Paul Newman, the singularly handsome actor with the ice-blue eyes who starred in such films as ``The Color of Money'' and ``Hud'' while pursuing his interests as a racecar driver, businessman and philanthropist, died yesterday at 83 at his home in
Newman received a diagnosis of cancer more than a year ago. A spokeswoman for Sunshine, Sachs and Associates on behalf of Newman's Own Foundation, confirmed the actor's death. She spoke in a telephone interview.
Paul Leonard Newman was born Jan. 26, 1925, in
His father was Cleveland-born of German-Jewish ancestry who became a prosperous businessman as a partner in the Newman-Stern sporting goods store.
Newman's mother was a Hungarian immigrant who arrived in
Shortly after his birth, the family moved from
Too slight to excel in high-school sports, Newman performed in stage plays. He had gained some experience from a children's program at the Cleveland Play House, which he joined at his mother's urging.
Newman enrolled at
Returning from World War II, he enrolled at
Casting about for another extracurricular activity, Newman won the role of Hildy Johnson in the Kenyon production of ``The Front Page.'' He appeared in nine more college plays before he graduated in 1949.
Newman's father wanted him to join the family business, but Newman forestalled a decision by landing a scholarship with a summer stock company in Williams Bay, Wisconsin. At summer's end, he moved to
In the spring of 1950, the young couple returned to
Bored and restless, he sold his stake in the sporting-goods business in 1951 and moved his wife and son to
He focused on directing but also appeared onstage in a student production, where his looks and magnetic presence impressed William Liebling, an agent in the audience. Liebling offered to help if Newman sought a professional acting career. In the summer of 1952, Newman moved his young family to
Success came so swiftly that he never returned to Yale to complete his degree. He won parts in live television dramas and before year's end was cast in ``Picnic,'' the Broadway play by William Inge that opened in 1953.
He made his Broadway debut at age 27 in ``Picnic,'' but soon abandoned the stage for a more lucrative film career. Newman had a face born for the movies.
Joanne Woodward, the understudy for two female roles, worked alongside Newman for more than a year. Both joined the Actors Studio to refine their skills, and they continued to see each other when they worked in
Shortly after their marriage, Woodward won the Best Actress Academy Award for her starring role in ``The Three Faces of Eve.''
Woodward never matched her husband's box-office draw. She cared little for
The couple returned to Broadway in late 2002 for a two-month revival of ``Our Town,'' produced by Westport Country Playhouse when Woodward was its artistic director. Newman, in the role of ``Stage Manager,'' hadn't performed on Broadway for almost 40 years.
Newman portrayed boxers, hustlers and cads in more than 60 films over six decades. He was the popular boxer Rocky Graziano in ``Somebody Up There Likes Me'' (1956), a drifter in ``The Long Hot Summer'' (1958) and ``Sweet Bird of Youth'' (1962), pool shark Eddie Felsen in ``The Hustler'' (1961) and its sequel ``The Color of Money'' (1986), an amoral rancher in ``Hud'' (1963) and bank robber in ``Butch Cassidy and the Sundance Kid'' (1969).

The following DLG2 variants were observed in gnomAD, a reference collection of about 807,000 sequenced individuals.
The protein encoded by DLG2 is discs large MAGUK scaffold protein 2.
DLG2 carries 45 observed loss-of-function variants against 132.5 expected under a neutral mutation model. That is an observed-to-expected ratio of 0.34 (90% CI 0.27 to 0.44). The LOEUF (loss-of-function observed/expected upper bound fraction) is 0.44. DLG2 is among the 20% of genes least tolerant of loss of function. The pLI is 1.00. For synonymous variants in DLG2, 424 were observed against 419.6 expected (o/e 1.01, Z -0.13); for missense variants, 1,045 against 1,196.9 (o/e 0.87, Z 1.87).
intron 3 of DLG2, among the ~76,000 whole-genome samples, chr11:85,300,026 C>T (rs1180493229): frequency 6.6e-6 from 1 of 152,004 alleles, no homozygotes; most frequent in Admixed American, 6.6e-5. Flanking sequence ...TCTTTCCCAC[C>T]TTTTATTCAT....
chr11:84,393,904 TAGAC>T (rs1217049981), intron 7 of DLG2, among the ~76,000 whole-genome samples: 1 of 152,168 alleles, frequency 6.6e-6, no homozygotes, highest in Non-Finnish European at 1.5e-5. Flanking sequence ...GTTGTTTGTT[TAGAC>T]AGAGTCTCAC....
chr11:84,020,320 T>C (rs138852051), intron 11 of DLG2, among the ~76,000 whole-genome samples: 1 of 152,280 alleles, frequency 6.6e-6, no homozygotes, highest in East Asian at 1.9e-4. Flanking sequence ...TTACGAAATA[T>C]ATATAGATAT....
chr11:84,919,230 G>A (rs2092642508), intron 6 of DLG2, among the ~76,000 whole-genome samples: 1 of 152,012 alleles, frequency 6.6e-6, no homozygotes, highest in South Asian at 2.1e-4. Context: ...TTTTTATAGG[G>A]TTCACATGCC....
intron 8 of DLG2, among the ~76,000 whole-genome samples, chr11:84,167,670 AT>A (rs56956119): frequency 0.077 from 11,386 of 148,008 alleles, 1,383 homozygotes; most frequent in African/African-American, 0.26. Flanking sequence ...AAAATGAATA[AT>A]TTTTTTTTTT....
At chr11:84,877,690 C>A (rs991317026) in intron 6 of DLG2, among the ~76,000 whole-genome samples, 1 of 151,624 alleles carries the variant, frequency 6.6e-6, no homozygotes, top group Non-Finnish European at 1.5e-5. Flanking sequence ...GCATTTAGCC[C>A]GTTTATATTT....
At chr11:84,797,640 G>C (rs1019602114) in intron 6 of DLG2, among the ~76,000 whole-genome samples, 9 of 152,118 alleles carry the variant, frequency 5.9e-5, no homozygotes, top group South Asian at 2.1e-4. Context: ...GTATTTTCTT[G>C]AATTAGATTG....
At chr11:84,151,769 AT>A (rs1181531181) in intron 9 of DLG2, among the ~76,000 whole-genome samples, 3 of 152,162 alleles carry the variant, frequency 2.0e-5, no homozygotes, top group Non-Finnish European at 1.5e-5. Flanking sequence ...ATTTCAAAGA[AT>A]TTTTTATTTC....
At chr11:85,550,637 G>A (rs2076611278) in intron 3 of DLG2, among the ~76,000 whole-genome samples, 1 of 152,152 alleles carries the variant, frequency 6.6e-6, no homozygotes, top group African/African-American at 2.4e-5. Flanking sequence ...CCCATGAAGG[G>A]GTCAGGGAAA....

Nominated nine times as an actor for an Academy Award, he won only once, for ``The Color of Money,'' which was directed by Martin Scorsese. His last nomination was for a supporting role in ``Road to Perdition,'' the 2002 movie starring Tom Hanks.
The Academy gave Newman two honorary statuettes: one for ``dedication to his craft'' in 1985 and, in 1993, the Jean Hersholt Humanitarian Award.
``As an actor Newman always had narrow range, but through quiet persistence and channeled energy, he managed to expand the horizons of his talent to the point where, on some occasions, the mannered, gimmicky style of his early years gave way to a more mellow, balanced technique of underplaying,'' wrote Lawrence J. Quirk in a 1996 biography.
Reassessing the actor's body of work, Quirk concluded that many of Newman's most popular performances ``have not worn at all well in the intervening years.'' He cited ``Hud'' and ``Cool Hand Luke'' among the disappointments.
Newman never abandoned acting, but he found other pursuits that stirred his passions, beginning with auto-racing in his mid- 40s. After training for the 1969 race-car drama ``Winning,'' Newman began to race in earnest.
He won the highest honor for an amateur racer in 1976 with the President's Cup from the Sports Car Club of America. In his 50s, Newman turned professional and raced in events from Daytona to
An outspoken liberal, Newman joined a group of investors in 1995 to buy ``The Nation,'' the left-leaning magazine that boasts of its unprofitability.
Highly profitable is ``Newman's Own,'' the food-product company he started in 1982 with a salad dressing the actor concocted with Hotchner in
From the outset, Newman and Hotchner, an author, vowed to funnel their profits to charities. Their cumulative donations totaled $220 million by 2006. Among the beneficiaries are children who attend Newman's ``Hole in the Wall'' camps for youngsters coping with chronic and life-threatening illnesses.
In 1999, Newman and the chief executive officers of two dozen top
Newman's only son, Scott, died of a drug overdose in 1978. The
Newman is survived by his wife and five daughters: Susan and Stephanie from his first marriage, and Elinor Teresa, Melissa and Claire Olivia from his marriage to Woodward.